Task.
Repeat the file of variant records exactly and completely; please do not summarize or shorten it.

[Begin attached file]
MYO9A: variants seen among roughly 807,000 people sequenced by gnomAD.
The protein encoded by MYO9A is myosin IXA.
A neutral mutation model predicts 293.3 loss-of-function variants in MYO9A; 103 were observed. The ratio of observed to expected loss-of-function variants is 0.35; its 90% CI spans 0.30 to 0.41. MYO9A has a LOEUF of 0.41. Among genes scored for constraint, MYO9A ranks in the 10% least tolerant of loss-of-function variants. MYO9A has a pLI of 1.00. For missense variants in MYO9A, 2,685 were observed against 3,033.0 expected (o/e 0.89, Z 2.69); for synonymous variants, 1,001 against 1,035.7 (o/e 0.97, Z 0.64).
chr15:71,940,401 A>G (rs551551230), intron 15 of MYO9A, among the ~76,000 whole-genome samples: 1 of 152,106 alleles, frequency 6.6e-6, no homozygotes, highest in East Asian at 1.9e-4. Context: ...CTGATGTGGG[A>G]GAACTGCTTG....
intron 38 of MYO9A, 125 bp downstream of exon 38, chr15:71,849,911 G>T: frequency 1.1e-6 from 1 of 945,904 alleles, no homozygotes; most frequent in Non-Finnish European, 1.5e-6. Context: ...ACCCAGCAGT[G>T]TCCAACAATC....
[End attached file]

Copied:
MYO9A: variants seen among roughly 807,000 people sequenced by gnomAD.
The protein encoded by MYO9A is myosin IXA.
A neutral mutation model predicts 293.3 loss-of-function variants in MYO9A; 103 were observed. The ratio of observed to expected loss-of-function variants is 0.35; its 90% CI spans 0.30 to 0.41. MYO9A has a LOEUF of 0.41. Among genes scored for constraint, MYO9A ranks in the 10% least tolerant of loss-of-function variants. MYO9A has a pLI of 1.00. For missense variants in MYO9A, 2,685 were observed against 3,033.0 expected (o/e 0.89, Z 2.69); for synonymous variants, 1,001 against 1,035.7 (o/e 0.97, Z 0.64).
chr15:71,940,401 A>G (rs551551230), intron 15 of MYO9A, among the ~76,000 whole-genome samples: 1 of 152,106 alleles, frequency 6.6e-6, no homozygotes, highest in East Asian at 1.9e-4. Context: ...CTGATGTGGG[A>G]GAACTGCTTG....
intron 38 of MYO9A, 125 bp downstream of exon 38, chr15:71,849,911 G>T: frequency 1.1e-6 from 1 of 945,904 alleles, no homozygotes; most frequent in Non-Finnish European, 1.5e-6. Context: ...ACCCAGCAGT[G>T]TCCAACAATC....